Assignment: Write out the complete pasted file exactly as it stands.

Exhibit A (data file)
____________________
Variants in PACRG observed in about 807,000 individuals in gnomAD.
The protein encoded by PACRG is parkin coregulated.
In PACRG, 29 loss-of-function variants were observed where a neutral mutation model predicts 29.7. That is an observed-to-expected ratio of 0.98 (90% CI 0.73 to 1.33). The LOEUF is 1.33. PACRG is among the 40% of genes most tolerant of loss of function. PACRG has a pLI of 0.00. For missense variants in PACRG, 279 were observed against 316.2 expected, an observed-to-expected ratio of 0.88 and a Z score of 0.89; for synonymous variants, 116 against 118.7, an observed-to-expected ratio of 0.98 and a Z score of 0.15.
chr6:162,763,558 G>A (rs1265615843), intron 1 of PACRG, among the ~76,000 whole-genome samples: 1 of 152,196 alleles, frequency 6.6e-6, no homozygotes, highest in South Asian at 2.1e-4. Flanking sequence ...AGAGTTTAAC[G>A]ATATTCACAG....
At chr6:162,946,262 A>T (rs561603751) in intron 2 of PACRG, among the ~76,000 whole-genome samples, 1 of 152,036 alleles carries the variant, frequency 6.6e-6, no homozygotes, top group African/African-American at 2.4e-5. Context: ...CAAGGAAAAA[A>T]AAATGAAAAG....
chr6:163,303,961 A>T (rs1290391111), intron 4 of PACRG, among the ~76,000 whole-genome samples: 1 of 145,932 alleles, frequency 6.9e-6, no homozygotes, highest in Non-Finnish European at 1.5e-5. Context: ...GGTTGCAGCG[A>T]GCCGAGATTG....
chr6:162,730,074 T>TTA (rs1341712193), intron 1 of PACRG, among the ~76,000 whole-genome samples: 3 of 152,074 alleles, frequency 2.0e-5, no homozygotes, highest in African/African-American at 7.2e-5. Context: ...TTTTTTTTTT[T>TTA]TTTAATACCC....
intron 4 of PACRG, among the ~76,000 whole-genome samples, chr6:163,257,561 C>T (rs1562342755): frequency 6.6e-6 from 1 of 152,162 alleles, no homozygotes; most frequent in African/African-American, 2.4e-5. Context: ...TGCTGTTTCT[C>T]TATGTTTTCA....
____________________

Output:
Variants in PACRG observed in about 807,000 individuals in gnomAD.
The protein encoded by PACRG is parkin coregulated.
In PACRG, 29 loss-of-function variants were observed where a neutral mutation model predicts 29.7. That is an observed-to-expected ratio of 0.98 (90% CI 0.73 to 1.33). The LOEUF is 1.33. PACRG is among the 40% of genes most tolerant of loss of function. PACRG has a pLI of 0.00. For missense variants in PACRG, 279 were observed against 316.2 expected, an observed-to-expected ratio of 0.88 and a Z score of 0.89; for synonymous variants, 116 against 118.7, an observed-to-expected ratio of 0.98 and a Z score of 0.15.
chr6:162,763,558 G>A (rs1265615843), intron 1 of PACRG, among the ~76,000 whole-genome samples: 1 of 152,196 alleles, frequency 6.6e-6, no homozygotes, highest in South Asian at 2.1e-4. Flanking sequence ...AGAGTTTAAC[G>A]ATATTCACAG....
At chr6:162,946,262 A>T (rs561603751) in intron 2 of PACRG, among the ~76,000 whole-genome samples, 1 of 152,036 alleles carries the variant, frequency 6.6e-6, no homozygotes, top group African/African-American at 2.4e-5. Context: ...CAAGGAAAAA[A>T]AAATGAAAAG....
chr6:163,303,961 A>T (rs1290391111), intron 4 of PACRG, among the ~76,000 whole-genome samples: 1 of 145,932 alleles, frequency 6.9e-6, no homozygotes, highest in Non-Finnish European at 1.5e-5. Context: ...GGTTGCAGCG[A>T]GCCGAGATTG....
chr6:162,730,074 T>TTA (rs1341712193), intron 1 of PACRG, among the ~76,000 whole-genome samples: 3 of 152,074 alleles, frequency 2.0e-5, no homozygotes, highest in African/African-American at 7.2e-5. Context: ...TTTTTTTTTT[T>TTA]TTTAATACCC....
intron 4 of PACRG, among the ~76,000 whole-genome samples, chr6:163,257,561 C>T (rs1562342755): frequency 6.6e-6 from 1 of 152,162 alleles, no homozygotes; most frequent in African/African-American, 2.4e-5. Context: ...TGCTGTTTCT[C>T]TATGTTTTCA....